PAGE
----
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Concrete Deck Overlay Pilot Project to Soon Begin on Delaware-N.J. Bridge

Thu August 20, 2020 - Northeast Edition
First State Update

The Delaware River and Bay Authority (DRBA) announced Aug. 18 that an ultra high-performance concrete (UHPC) deck overlay pilot project will begin on the four-lane New Jersey-bound span of the Delaware Memorial Bridge in September. The duration of the overlay work is expected to last for five weeks following the Labor Day weekend.

With the combination of lower traffic volumes and favorable weather conditions, the period between Labor Day and Columbus Day was identified as the best time to complete this pilot project. In September, the Delaware Memorial Bridge also registers the fourth lowest traffic volumes in a calendar year, trailing January, February and March.

Two lanes will be closed to traffic throughout the overlay placement period – with an additional third lane shut down during the overnight hours. The Delaware Memorial Bridge is a twin suspension bridge that connects Wilmington, Del., with southern New Jersey. The north-south spans cross the Delaware River carrying a total of eight lanes of Interstate 295 and U.S. Route 40 traffic.

DRBA is a bi-state government agency that operates several bridges, ferry connections and aviation facilities in New Jersey and Delaware.

J.D. Eckman Inc., a bridge and road contracting firm in Atglen, Pa., is set to undertake the UHPC deck pilot project at a cost of $6.2 million.

"The bridge deck of the New Jersey-bound span is more than 50 years old and needs substantial repair and rehabilitation," said Chief Engineer David Hoppenjans, who noted that full deck replacement is a significantly more expensive alternative, takes longer to construct and is much more disruptive to traffic compared to a UHPC deck overlay.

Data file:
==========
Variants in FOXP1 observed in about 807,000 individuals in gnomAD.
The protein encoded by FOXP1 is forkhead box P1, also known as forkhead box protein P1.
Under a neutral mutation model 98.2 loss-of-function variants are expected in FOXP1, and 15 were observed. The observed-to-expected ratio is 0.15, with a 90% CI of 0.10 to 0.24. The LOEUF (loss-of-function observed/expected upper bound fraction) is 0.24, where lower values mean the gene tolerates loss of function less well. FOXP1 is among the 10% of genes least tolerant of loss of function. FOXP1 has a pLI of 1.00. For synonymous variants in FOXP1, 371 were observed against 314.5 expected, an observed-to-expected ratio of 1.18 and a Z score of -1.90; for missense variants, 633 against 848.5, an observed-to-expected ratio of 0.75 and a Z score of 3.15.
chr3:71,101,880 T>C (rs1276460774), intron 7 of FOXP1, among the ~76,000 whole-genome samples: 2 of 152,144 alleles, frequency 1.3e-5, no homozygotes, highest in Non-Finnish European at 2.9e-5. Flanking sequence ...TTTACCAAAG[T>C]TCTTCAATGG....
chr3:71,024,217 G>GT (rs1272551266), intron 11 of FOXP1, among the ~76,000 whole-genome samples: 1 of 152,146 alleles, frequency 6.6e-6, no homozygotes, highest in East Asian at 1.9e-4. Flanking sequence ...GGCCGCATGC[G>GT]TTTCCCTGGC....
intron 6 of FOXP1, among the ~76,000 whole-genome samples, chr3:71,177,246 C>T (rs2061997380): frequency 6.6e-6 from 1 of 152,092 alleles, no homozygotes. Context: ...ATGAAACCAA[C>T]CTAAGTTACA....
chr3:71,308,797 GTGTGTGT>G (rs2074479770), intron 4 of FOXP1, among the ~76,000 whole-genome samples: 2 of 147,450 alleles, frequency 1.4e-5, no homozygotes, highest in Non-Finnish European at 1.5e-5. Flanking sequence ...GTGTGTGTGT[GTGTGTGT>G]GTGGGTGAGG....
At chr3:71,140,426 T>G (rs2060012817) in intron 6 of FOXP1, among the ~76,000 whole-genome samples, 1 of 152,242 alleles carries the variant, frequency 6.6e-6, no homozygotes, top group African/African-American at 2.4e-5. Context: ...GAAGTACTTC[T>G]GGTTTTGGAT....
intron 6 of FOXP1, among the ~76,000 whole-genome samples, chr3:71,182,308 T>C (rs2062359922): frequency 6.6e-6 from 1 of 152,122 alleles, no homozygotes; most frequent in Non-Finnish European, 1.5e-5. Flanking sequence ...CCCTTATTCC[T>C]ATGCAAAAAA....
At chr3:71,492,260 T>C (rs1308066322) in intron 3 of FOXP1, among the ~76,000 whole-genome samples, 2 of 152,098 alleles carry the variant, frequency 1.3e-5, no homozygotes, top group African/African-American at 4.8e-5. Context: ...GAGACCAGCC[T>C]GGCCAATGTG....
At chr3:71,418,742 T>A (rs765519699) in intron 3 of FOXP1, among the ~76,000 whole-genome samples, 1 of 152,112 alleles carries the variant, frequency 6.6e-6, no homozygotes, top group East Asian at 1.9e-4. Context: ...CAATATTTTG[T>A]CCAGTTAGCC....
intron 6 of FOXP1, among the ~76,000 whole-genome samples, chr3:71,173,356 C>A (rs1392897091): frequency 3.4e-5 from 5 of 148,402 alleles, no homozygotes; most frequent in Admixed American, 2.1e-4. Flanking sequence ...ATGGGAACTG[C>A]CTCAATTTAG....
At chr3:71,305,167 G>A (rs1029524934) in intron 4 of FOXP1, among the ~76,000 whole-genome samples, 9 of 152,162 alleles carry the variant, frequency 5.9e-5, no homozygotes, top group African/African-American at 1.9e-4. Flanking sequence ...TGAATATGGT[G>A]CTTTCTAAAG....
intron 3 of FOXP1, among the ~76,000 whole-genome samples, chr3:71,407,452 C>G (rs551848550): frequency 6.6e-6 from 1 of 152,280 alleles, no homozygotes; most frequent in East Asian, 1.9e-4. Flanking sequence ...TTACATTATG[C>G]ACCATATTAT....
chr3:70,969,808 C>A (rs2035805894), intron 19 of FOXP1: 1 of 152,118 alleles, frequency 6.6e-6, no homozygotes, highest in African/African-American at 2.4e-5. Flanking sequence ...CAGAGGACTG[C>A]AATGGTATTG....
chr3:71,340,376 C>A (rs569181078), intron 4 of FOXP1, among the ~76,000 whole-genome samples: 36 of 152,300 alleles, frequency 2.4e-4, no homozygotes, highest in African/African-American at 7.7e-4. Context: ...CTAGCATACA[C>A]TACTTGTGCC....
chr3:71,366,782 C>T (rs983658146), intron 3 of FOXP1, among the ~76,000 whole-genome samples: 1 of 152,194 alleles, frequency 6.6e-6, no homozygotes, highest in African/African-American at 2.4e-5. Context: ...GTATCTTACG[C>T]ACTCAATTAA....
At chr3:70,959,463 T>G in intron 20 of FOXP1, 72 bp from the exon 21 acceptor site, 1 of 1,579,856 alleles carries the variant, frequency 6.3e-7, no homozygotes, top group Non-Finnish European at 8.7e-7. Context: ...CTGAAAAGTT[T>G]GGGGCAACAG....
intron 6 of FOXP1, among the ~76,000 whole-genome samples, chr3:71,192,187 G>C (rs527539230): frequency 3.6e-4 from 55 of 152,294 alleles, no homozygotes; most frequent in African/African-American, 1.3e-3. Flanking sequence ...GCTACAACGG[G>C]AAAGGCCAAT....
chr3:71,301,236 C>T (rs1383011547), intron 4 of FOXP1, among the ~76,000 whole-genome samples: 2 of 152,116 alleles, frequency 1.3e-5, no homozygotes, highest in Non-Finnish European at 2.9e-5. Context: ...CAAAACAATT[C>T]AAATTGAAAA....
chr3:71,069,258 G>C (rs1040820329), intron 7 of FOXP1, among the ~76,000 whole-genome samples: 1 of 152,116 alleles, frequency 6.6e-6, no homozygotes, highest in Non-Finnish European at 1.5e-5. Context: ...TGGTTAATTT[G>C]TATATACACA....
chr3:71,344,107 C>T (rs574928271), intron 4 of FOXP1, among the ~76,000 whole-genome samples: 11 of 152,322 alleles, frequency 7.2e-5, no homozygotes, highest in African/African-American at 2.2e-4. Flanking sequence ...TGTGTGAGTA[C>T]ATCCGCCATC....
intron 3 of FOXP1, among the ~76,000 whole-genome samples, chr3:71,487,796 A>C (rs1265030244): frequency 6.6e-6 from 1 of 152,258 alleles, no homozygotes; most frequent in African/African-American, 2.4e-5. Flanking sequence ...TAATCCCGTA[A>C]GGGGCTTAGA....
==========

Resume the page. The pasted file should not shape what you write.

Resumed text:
"This dedicated, small scale pilot project will give the Authority direct day-to-day experience in the implementation of a UHPC overlay project offering critical experience specific to the Delaware Memorial Bridge."

The northbound structure has three types of bridge spans – girder, truss and suspension spans – and this deck overlay pilot program will address each structural span type. The project entails the removal of the old deck to a depth of 3.75 in., repair of the reinforcing mat, and installation of a replacement overlay with UHPC. A total of 500 ft., two lanes in width of the New Jersey-bound span, will be resurfaced using the concrete overlay. This work also requires hydro (high pressure water) demolition to expose the top reinforcing mat.

As noted in the findings of a recently completed bridge deck study, the northbound bridge deck is exhibiting accelerated deterioration and needs substantial repair. Significant research has identified partial depth reconstruction utilizing UHPC as potentially the most effective solution, pending the results of the pilot project.

The UHPC application has lower initial and life cycle costs, a shorter, more flexible construction schedule, and prevents salt intrusion when compared to a full deck replacement program. The final product will be stronger than the original deck, according to DRBA.

Another purpose of the UHPC pilot program is to develop firsthand experience related to the design, solicitation, and construction of this unique type of project.

The UHPC overlay pilot program also will provide insight into a number of Delaware Memorial Bridge-specific details, including the elimination of the centerline joint, the reaction of the existing concrete deck to hydro-demolition, the condition of the top reinforcing mat, actual replacement UHPC volume and how much full depth repair is required.

Hoppenjans added that the testing and analysis of the completed pilot program to assess the overlay performance will get under way in the spring of 2021. Dependent on a review of the results, the DRBA tentatively plans to initiate a full deck overlay program using UHPC on the New Jersey-bound span in three phases totaling nine months, although the exact timeframe for when that will commence has yet to be been determined.

The total cost of the full deck overlay project is anticipated to exceed $50 million.

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